Giant lineup of farmers hoping to ship their canola crops

Saskatchewan farmers are desperate to ship their grain and oilseeds, something that was dramatically illustrated this week when a canola terminal got some train cars.

Train cars available at Watson, Sask., attract dozens from around the area

Dozens of trucks were lined up at Watson, Sask., on Wednesday. After a bumper crop last fall, farmers have been having a hard time finding grain cars to ship their product. (Courtesy Larry Weber)

Saskatchewan farmers are desperate to ship their grain and oilseeds, something that was dramatically illustrated this week when a canola terminal got some train cars.

Huge lineups of canola trucks appeared Tuesday and Wednesday at the Archer Daniels Midland elevator at Watson, Sask.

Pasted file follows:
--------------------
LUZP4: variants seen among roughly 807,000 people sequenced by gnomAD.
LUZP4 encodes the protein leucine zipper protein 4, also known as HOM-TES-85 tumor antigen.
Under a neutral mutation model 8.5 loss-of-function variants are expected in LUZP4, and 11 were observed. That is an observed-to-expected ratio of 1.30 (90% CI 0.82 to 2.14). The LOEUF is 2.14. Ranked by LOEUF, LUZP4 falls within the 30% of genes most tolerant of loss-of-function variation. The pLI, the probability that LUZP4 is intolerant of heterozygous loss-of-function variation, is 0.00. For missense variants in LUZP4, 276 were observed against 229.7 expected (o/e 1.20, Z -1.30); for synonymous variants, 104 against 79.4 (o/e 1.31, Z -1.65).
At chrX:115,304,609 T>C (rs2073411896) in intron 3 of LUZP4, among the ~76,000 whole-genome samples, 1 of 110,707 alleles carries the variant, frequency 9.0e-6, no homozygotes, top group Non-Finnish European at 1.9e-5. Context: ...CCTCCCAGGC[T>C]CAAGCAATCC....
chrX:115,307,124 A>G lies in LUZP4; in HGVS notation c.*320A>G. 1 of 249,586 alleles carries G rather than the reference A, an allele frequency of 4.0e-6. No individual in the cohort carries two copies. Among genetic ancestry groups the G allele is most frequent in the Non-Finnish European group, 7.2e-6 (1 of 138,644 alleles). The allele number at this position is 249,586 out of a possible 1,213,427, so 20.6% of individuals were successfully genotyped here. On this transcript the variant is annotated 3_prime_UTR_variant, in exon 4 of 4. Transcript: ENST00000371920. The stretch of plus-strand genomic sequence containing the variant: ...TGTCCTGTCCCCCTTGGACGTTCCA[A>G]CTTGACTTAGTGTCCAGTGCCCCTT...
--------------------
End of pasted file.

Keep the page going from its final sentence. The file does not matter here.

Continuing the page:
Grain cars have been in short supply on the Prairies this year, but the company managed to secure of a number of them.

Word quickly got out.

Wednesday morning, it looked like the lineup was a kilometre long, according to Bruno-area farmer Mark Kehrig.

The grain bins are full, but the bank account is empty.- Bruno- area canola farmer Mark Kehrig 

He said he's only been able to sell about 10 per cent of his harvest so far, and that's meant financial hardship.

"The grain bins are full, but the bank account is empty," Kehrig told Blue Sky host Garth Materie. "And I gather I'm not the only one in that boat."

Kehrig said he's been getting by thanks to a line of credit and an understanding bank manager.

Earlier this month, the federal government moved to force the railways to provide a minimum number of grain cars every week, with penalties if they don't meet the requirements.

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